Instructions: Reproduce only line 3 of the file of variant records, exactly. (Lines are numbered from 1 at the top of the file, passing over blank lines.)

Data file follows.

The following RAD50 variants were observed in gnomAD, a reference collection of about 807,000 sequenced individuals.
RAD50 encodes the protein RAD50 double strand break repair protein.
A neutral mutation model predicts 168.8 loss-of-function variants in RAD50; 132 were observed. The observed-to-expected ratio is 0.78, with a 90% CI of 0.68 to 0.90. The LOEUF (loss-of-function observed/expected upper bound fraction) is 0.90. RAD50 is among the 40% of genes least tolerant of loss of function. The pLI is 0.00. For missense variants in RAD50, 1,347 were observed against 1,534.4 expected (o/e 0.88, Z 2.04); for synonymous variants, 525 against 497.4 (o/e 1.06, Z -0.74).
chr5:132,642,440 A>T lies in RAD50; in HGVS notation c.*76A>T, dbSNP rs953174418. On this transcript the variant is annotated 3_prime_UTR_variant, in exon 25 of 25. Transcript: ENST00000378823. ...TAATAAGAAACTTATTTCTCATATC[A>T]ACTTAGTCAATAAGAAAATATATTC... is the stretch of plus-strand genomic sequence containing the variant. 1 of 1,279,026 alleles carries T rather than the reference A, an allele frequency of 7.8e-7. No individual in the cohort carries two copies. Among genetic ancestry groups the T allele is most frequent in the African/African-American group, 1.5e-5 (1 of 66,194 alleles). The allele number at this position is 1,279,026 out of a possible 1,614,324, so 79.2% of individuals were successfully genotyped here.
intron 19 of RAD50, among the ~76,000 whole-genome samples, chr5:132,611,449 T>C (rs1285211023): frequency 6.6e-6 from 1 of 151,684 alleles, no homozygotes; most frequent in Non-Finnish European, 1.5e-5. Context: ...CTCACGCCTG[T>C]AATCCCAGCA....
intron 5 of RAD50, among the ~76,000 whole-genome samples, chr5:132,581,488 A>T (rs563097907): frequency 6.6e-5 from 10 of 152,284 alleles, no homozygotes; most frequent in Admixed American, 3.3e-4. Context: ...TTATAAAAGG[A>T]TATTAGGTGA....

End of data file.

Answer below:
A neutral mutation model predicts 168.8 loss-of-function variants in RAD50; 132 were observed. The observed-to-expected ratio is 0.78, with a 90% CI of 0.68 to 0.90. The LOEUF (loss-of-function observed/expected upper bound fraction) is 0.90. RAD50 is among the 40% of genes least tolerant of loss of function. The pLI is 0.00. For missense variants in RAD50, 1,347 were observed against 1,534.4 expected (o/e 0.88, Z 2.04); for synonymous variants, 525 against 497.4 (o/e 1.06, Z -0.74).